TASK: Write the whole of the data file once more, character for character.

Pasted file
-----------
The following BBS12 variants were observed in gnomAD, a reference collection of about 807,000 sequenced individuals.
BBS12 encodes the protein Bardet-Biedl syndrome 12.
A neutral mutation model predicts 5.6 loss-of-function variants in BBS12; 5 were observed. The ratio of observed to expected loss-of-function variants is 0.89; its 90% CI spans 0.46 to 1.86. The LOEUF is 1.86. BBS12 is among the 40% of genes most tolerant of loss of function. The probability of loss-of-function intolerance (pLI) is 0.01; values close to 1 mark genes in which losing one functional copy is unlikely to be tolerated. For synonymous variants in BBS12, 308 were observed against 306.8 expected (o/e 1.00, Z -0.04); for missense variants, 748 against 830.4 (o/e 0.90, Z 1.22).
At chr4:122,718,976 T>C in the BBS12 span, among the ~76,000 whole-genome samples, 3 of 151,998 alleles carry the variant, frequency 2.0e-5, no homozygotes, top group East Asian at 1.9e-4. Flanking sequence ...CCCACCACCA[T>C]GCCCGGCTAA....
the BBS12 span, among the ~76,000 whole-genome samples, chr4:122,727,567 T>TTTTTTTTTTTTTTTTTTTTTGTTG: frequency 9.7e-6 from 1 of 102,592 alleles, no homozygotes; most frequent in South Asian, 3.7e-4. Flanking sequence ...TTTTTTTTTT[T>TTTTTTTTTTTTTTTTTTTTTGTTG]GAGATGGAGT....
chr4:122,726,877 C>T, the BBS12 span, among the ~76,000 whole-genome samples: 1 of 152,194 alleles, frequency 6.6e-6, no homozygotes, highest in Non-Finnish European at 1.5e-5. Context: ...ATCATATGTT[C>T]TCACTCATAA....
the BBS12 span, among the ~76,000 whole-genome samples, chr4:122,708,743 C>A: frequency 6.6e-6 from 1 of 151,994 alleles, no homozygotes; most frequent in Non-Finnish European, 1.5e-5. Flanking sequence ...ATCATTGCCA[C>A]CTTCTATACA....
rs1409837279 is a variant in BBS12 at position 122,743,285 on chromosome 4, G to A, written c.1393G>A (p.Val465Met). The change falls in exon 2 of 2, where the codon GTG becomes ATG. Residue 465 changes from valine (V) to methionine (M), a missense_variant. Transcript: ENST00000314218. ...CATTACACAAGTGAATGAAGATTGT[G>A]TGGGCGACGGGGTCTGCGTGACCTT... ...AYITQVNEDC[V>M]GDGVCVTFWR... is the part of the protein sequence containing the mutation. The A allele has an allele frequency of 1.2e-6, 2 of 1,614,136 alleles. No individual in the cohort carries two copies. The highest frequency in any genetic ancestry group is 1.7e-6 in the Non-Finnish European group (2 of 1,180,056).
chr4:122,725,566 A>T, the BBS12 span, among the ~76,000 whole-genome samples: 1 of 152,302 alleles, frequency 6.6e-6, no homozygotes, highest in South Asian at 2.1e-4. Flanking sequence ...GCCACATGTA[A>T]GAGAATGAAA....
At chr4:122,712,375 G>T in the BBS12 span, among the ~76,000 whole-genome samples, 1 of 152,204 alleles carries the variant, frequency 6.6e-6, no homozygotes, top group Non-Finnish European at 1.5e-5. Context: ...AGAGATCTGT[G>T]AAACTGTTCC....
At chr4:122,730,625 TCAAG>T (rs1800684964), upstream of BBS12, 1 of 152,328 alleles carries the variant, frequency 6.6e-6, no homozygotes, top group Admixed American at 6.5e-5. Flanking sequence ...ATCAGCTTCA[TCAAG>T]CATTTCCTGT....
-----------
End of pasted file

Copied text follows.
The following BBS12 variants were observed in gnomAD, a reference collection of about 807,000 sequenced individuals.
BBS12 encodes the protein Bardet-Biedl syndrome 12.
A neutral mutation model predicts 5.6 loss-of-function variants in BBS12; 5 were observed. The ratio of observed to expected loss-of-function variants is 0.89; its 90% CI spans 0.46 to 1.86. The LOEUF is 1.86. BBS12 is among the 40% of genes most tolerant of loss of function. The probability of loss-of-function intolerance (pLI) is 0.01; values close to 1 mark genes in which losing one functional copy is unlikely to be tolerated. For synonymous variants in BBS12, 308 were observed against 306.8 expected (o/e 1.00, Z -0.04); for missense variants, 748 against 830.4 (o/e 0.90, Z 1.22).
At chr4:122,718,976 T>C in the BBS12 span, among the ~76,000 whole-genome samples, 3 of 151,998 alleles carry the variant, frequency 2.0e-5, no homozygotes, top group East Asian at 1.9e-4. Flanking sequence ...CCCACCACCA[T>C]GCCCGGCTAA....
the BBS12 span, among the ~76,000 whole-genome samples, chr4:122,727,567 T>TTTTTTTTTTTTTTTTTTTTTGTTG: frequency 9.7e-6 from 1 of 102,592 alleles, no homozygotes; most frequent in South Asian, 3.7e-4. Flanking sequence ...TTTTTTTTTT[T>TTTTTTTTTTTTTTTTTTTTTGTTG]GAGATGGAGT....
chr4:122,726,877 C>T, the BBS12 span, among the ~76,000 whole-genome samples: 1 of 152,194 alleles, frequency 6.6e-6, no homozygotes, highest in Non-Finnish European at 1.5e-5. Context: ...ATCATATGTT[C>T]TCACTCATAA....
the BBS12 span, among the ~76,000 whole-genome samples, chr4:122,708,743 C>A: frequency 6.6e-6 from 1 of 151,994 alleles, no homozygotes; most frequent in Non-Finnish European, 1.5e-5. Flanking sequence ...ATCATTGCCA[C>A]CTTCTATACA....
rs1409837279 is a variant in BBS12 at position 122,743,285 on chromosome 4, G to A, written c.1393G>A (p.Val465Met). The change falls in exon 2 of 2, where the codon GTG becomes ATG. Residue 465 changes from valine (V) to methionine (M), a missense_variant. Transcript: ENST00000314218. ...CATTACACAAGTGAATGAAGATTGT[G>A]TGGGCGACGGGGTCTGCGTGACCTT... ...AYITQVNEDC[V>M]GDGVCVTFWR... is the part of the protein sequence containing the mutation. The A allele has an allele frequency of 1.2e-6, 2 of 1,614,136 alleles. No individual in the cohort carries two copies. The highest frequency in any genetic ancestry group is 1.7e-6 in the Non-Finnish European group (2 of 1,180,056).
chr4:122,725,566 A>T, the BBS12 span, among the ~76,000 whole-genome samples: 1 of 152,302 alleles, frequency 6.6e-6, no homozygotes, highest in South Asian at 2.1e-4. Flanking sequence ...GCCACATGTA[A>T]GAGAATGAAA....
At chr4:122,712,375 G>T in the BBS12 span, among the ~76,000 whole-genome samples, 1 of 152,204 alleles carries the variant, frequency 6.6e-6, no homozygotes, top group Non-Finnish European at 1.5e-5. Context: ...AGAGATCTGT[G>T]AAACTGTTCC....
At chr4:122,730,625 TCAAG>T (rs1800684964), upstream of BBS12, 1 of 152,328 alleles carries the variant, frequency 6.6e-6, no homozygotes, top group Admixed American at 6.5e-5. Flanking sequence ...ATCAGCTTCA[TCAAG>T]CATTTCCTGT....